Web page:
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Brazilian hair straightening: information and opinion

It's Japan vs. Brazil in the Hair-Straightening Wars


My best friend has thick, very wavy hair, but you'd never guess it from looking at her. That's because she goes in for Japanese thermal conditioning, a treatment that leaves hair straight for months. Now I have to tell her about a newer process from Brazil called escova progressiva. According to the New York Times, it can be used on most hair types, even color-treated hair. And now it has migrated from South America to the States.

"Right now, it’s blowing everything away," said Meryle Nemeth, the nuBest stylist who administered Ms. Epstein’s treatment, one of about 500 she’s done since February, when it became available at the salon [in Manhasset, NY]. "I've never seen anything take off like this as far as relaxing hair."

For details on this treatment, read more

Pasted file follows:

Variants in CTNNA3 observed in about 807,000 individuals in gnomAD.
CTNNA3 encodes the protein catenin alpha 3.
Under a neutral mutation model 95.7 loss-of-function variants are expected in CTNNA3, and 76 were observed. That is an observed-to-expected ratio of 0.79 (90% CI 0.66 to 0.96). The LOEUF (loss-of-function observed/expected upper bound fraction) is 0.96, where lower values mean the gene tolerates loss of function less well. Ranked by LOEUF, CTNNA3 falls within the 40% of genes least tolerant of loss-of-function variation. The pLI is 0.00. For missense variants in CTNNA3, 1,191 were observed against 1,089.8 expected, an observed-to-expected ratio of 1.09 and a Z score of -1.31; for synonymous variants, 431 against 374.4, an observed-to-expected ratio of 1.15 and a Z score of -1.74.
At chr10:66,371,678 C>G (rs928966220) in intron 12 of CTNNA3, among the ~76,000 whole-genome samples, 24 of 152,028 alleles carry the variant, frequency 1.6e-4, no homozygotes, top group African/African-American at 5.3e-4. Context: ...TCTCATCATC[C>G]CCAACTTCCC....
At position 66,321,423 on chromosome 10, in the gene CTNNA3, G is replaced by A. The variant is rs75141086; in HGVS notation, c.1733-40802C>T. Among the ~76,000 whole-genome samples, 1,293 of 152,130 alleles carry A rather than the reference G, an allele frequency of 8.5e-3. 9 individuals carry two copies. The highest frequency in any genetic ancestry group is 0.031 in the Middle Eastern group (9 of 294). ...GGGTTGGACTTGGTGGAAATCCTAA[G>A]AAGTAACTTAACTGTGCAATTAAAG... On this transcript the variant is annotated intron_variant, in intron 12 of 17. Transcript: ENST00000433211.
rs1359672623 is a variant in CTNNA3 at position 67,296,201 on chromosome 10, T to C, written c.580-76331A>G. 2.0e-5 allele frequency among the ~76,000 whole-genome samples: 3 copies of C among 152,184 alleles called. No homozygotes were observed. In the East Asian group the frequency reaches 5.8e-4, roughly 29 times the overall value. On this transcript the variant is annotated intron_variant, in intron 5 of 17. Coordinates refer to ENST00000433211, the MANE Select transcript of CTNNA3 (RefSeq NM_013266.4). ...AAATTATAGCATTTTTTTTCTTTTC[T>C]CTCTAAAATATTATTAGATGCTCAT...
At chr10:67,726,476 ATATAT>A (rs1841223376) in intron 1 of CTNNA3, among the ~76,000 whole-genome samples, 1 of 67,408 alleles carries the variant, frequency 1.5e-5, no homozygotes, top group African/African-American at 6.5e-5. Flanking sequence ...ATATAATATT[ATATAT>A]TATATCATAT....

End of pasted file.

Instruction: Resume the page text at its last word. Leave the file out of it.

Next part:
Brazilian hair straightening takes up to four hours and costs between $150 and $600. The Times explains the process, which truthfully sounds a little... un-fun:

A stylist applies a solution made with active keratin, a protein akin to a component of human hair. Using a 450-degree iron, the hairdresser seals the formula onto the outer layer of the cuticle. The formula adheres to the cuticle’s inherently rough edges. Thus, it is said, it traps moisture, hydrating the hair, and adds a glossy veneer.

Buried deep in the article is this little nugget: "The formula often contains formaldehyde, a known carcinogen that can irritate the eyes and lungs if the fumes are inhaled." Yikes.

Are you interested in getting this treatment done, or are you happy with your curls and waves?

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